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Ariana Benson

An Ecopoet Talks about Land and Black Love in the South

In our brief conversation this past summer, Ariana discussed the impetus for her new collection of poems, Black Pastoral—a paean to her roots in the American South and to the complex histories and intimate relationships of Black Southerners with nature and each other in that homeplace. The poems also consider our urgent ecological crisis and the prospects for Black life and love in the future. —Sharan Strange  (This interview has been edited.)

Aubade After Earth

we wake only to growing 

bristles of heat. more undark

-ness than ante-light. no chirping 

trills to jumble the senses, 

to arrythmia night’s violet 

hum. no cygnets to rain 

trumpet sobs on tattered 

rooftops. no rain. no roofs. 

I miss the birds.


but it’s truer that you ache 

for their song. the score that lured 

seeds of luster into bloom. 

we haven’t been gone long 

enough to miss a thing more 

than what it made for us. here, 

we radiate a platinum sheen


—yet, in the smallest of mercies, 

we know ourselves, still, 

as Black. I fled 

just before the brimstone, 

left the world to salt 

herself over. 


I wonder what still lives

among the grains.


I would ask in earnest, but even if I had 

a spare dove, how cruel

to send it searching for a lone 

green star in the sparse constellation 

of what once was forest. 

of what was, once. 


that last night under the trees, you 

plucked a leaf from my hair, 

pressed it against my cheek. 

I threaded pine straw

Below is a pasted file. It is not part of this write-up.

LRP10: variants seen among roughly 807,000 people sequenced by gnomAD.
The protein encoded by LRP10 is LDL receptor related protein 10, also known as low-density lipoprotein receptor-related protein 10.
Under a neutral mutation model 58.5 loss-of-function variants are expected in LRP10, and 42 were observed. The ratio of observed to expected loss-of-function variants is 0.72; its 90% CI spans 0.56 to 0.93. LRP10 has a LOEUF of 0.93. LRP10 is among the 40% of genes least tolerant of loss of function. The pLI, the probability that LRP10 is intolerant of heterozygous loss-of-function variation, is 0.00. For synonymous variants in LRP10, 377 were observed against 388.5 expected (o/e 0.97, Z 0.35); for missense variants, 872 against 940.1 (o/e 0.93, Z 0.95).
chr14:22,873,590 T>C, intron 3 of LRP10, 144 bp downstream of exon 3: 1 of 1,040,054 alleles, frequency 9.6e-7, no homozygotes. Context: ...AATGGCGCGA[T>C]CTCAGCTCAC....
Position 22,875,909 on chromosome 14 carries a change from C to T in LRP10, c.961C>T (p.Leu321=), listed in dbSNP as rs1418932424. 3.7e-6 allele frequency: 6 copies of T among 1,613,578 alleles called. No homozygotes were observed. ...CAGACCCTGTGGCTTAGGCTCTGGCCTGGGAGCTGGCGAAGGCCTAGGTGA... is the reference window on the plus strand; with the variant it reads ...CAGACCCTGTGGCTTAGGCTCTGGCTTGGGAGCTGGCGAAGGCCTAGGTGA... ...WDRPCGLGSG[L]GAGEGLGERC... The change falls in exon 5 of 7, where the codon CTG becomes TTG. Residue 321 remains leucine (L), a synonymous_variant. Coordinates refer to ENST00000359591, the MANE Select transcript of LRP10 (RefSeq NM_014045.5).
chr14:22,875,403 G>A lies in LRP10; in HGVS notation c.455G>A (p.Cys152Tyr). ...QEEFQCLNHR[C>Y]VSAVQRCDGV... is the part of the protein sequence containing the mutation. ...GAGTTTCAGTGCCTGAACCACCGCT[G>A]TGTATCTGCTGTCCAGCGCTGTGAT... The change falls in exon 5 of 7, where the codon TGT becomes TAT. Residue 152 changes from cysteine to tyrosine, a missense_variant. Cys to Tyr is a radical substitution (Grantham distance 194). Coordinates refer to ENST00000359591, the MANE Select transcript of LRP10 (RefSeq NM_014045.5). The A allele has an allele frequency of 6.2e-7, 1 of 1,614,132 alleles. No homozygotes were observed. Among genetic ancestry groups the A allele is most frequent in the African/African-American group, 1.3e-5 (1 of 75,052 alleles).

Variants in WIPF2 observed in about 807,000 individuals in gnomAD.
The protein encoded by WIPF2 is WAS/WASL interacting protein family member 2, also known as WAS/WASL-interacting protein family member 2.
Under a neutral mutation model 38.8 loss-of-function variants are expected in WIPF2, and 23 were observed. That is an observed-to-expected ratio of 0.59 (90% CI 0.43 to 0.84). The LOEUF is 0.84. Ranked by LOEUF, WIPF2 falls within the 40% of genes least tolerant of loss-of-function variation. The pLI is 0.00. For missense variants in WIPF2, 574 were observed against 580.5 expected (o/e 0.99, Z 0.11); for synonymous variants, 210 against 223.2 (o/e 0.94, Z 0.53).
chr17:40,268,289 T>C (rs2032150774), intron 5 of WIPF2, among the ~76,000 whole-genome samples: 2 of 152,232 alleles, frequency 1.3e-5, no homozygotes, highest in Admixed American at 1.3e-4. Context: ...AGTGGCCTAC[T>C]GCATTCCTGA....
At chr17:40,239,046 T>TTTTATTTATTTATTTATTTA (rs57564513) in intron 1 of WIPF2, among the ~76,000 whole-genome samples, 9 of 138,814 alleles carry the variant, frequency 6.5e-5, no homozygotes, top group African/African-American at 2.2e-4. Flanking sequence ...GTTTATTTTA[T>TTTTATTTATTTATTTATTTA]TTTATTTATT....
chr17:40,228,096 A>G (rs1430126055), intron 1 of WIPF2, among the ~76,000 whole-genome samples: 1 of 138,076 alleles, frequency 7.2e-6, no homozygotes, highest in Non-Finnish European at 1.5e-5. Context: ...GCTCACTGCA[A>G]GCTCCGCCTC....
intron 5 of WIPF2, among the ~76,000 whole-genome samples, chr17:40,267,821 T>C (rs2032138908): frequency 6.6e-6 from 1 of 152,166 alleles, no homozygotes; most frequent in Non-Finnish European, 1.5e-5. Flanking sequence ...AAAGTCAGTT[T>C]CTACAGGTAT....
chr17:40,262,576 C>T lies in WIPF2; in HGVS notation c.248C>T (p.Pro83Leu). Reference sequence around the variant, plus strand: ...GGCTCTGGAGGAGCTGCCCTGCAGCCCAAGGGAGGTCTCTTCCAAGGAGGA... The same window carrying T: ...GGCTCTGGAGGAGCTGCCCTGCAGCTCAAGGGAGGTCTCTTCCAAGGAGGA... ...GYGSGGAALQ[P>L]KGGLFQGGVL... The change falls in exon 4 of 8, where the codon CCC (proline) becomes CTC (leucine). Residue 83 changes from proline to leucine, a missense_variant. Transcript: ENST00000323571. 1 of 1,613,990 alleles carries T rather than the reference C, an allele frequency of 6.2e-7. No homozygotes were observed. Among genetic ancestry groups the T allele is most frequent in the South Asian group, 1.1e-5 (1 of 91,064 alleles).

through the back and forth of its 

ribboned blade, the damp spire dyed

my fingertips the bronze 

of fresh regret.


sometimes I sleep 

with it behind my ear, the swell 

of your pulse still breaking

perfect as its sinus wave.

a few crooked notes—that’s all I had 

to offer in return. all I have sung since.

it’s just as well that I leave 

my voice to make shelter 

of your mind—somewhere 

it might survive.


what has apocalypse taught us

but how to love



Where do you go in the morning?


you feel me lying 

here, folded into the back 

and forth of you, but know I’m lost 

in those woods. you dread

the hour when my eyes glacier,

just before the demiblue thaws 

their whites. how long can we pretend 

this turn toward Earth’s still

-lit wick brings the same warmth 

as dawn, that fuming glow

could ever kiss with the soft lips 

of sunning sky?


what new life can there be

without forgetting

those given over

to flame?


I sigh,



and crumble the quiet,

confirm you have not dreamt 

my breath’s susurrus on the plain 

of your nape: a wind that passes

for honesty. for what 

I still know of it.

Ariana Benson, "Aubade After Earth," Indiana Review, Issue 44, vol. 1 (Summer 2022). Copyright © 2022 Ariana Benson. Republished with the permission of the author. All rights reserved.

Ariana Benson is a southern Black ecopoet. Their debut collection, Black Pastoral (University of Georgia Press, 2023) won the 2022 Cave Canem Poetry Prize. A 2023 Ruth Lilly and Dorothy Sargent Rosenberg Fellow, Benson has also received the Furious Flower Poetry Prize, the Porter House Review Poetry Prize, and the 2021 Graybeal Gowen Prize for Virginia Poets. Her poems and essays appear or are forthcoming in Poetry, Ploughshares, Poem-a-Day, Yale Review, Kenyon Review, and elsewhere. Through her writing, she strives to fashion vignettes of Blackness that speak to its infinite depth and richness. 

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